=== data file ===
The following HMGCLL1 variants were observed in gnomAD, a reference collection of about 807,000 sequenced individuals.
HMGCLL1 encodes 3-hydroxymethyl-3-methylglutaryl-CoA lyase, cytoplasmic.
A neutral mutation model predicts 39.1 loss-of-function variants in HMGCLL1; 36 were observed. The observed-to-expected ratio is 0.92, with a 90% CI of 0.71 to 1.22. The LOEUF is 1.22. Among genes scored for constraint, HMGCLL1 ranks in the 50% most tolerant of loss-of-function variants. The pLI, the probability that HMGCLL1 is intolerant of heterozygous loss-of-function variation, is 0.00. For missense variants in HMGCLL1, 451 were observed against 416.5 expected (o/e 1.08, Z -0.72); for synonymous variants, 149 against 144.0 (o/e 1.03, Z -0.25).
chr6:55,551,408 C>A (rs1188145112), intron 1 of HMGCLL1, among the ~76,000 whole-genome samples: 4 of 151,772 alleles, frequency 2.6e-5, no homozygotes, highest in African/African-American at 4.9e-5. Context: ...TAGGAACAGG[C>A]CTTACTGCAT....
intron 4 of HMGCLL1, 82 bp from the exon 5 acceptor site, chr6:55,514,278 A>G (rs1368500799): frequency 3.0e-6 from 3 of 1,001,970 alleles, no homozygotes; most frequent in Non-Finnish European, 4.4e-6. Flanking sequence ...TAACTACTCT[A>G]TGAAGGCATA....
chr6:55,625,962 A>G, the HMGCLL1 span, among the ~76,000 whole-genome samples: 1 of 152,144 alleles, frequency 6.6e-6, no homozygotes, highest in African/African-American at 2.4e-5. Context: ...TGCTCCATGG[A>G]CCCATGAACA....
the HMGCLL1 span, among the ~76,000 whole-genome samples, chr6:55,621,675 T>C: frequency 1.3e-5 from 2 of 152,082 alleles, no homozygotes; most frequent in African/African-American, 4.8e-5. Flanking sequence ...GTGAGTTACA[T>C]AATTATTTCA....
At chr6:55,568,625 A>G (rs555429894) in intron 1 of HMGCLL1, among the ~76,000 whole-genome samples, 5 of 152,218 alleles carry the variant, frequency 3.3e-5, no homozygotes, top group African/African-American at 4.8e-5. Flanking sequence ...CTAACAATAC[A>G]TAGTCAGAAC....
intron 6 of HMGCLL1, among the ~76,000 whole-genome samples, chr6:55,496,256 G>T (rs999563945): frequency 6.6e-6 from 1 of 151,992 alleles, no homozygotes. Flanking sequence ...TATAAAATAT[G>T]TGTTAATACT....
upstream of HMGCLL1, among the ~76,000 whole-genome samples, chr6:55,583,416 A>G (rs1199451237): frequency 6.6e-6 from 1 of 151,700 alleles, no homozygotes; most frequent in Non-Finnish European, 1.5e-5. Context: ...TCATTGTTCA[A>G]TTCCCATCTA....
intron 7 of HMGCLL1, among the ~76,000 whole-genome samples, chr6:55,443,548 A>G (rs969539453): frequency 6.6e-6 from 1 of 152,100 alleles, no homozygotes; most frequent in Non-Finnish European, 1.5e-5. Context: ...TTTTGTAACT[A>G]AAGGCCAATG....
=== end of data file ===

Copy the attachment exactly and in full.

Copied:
The following HMGCLL1 variants were observed in gnomAD, a reference collection of about 807,000 sequenced individuals.
HMGCLL1 encodes 3-hydroxymethyl-3-methylglutaryl-CoA lyase, cytoplasmic.
A neutral mutation model predicts 39.1 loss-of-function variants in HMGCLL1; 36 were observed. The observed-to-expected ratio is 0.92, with a 90% CI of 0.71 to 1.22. The LOEUF is 1.22. Among genes scored for constraint, HMGCLL1 ranks in the 50% most tolerant of loss-of-function variants. The pLI, the probability that HMGCLL1 is intolerant of heterozygous loss-of-function variation, is 0.00. For missense variants in HMGCLL1, 451 were observed against 416.5 expected (o/e 1.08, Z -0.72); for synonymous variants, 149 against 144.0 (o/e 1.03, Z -0.25).
chr6:55,551,408 C>A (rs1188145112), intron 1 of HMGCLL1, among the ~76,000 whole-genome samples: 4 of 151,772 alleles, frequency 2.6e-5, no homozygotes, highest in African/African-American at 4.9e-5. Context: ...TAGGAACAGG[C>A]CTTACTGCAT....
intron 4 of HMGCLL1, 82 bp from the exon 5 acceptor site, chr6:55,514,278 A>G (rs1368500799): frequency 3.0e-6 from 3 of 1,001,970 alleles, no homozygotes; most frequent in Non-Finnish European, 4.4e-6. Flanking sequence ...TAACTACTCT[A>G]TGAAGGCATA....
chr6:55,625,962 A>G, the HMGCLL1 span, among the ~76,000 whole-genome samples: 1 of 152,144 alleles, frequency 6.6e-6, no homozygotes, highest in African/African-American at 2.4e-5. Context: ...TGCTCCATGG[A>G]CCCATGAACA....
the HMGCLL1 span, among the ~76,000 whole-genome samples, chr6:55,621,675 T>C: frequency 1.3e-5 from 2 of 152,082 alleles, no homozygotes; most frequent in African/African-American, 4.8e-5. Flanking sequence ...GTGAGTTACA[T>C]AATTATTTCA....
At chr6:55,568,625 A>G (rs555429894) in intron 1 of HMGCLL1, among the ~76,000 whole-genome samples, 5 of 152,218 alleles carry the variant, frequency 3.3e-5, no homozygotes, top group African/African-American at 4.8e-5. Flanking sequence ...CTAACAATAC[A>G]TAGTCAGAAC....
intron 6 of HMGCLL1, among the ~76,000 whole-genome samples, chr6:55,496,256 G>T (rs999563945): frequency 6.6e-6 from 1 of 151,992 alleles, no homozygotes. Flanking sequence ...TATAAAATAT[G>T]TGTTAATACT....
upstream of HMGCLL1, among the ~76,000 whole-genome samples, chr6:55,583,416 A>G (rs1199451237): frequency 6.6e-6 from 1 of 151,700 alleles, no homozygotes; most frequent in Non-Finnish European, 1.5e-5. Context: ...TCATTGTTCA[A>G]TTCCCATCTA....
intron 7 of HMGCLL1, among the ~76,000 whole-genome samples, chr6:55,443,548 A>G (rs969539453): frequency 6.6e-6 from 1 of 152,100 alleles, no homozygotes; most frequent in Non-Finnish European, 1.5e-5. Context: ...TTTTGTAACT[A>G]AAGGCCAATG....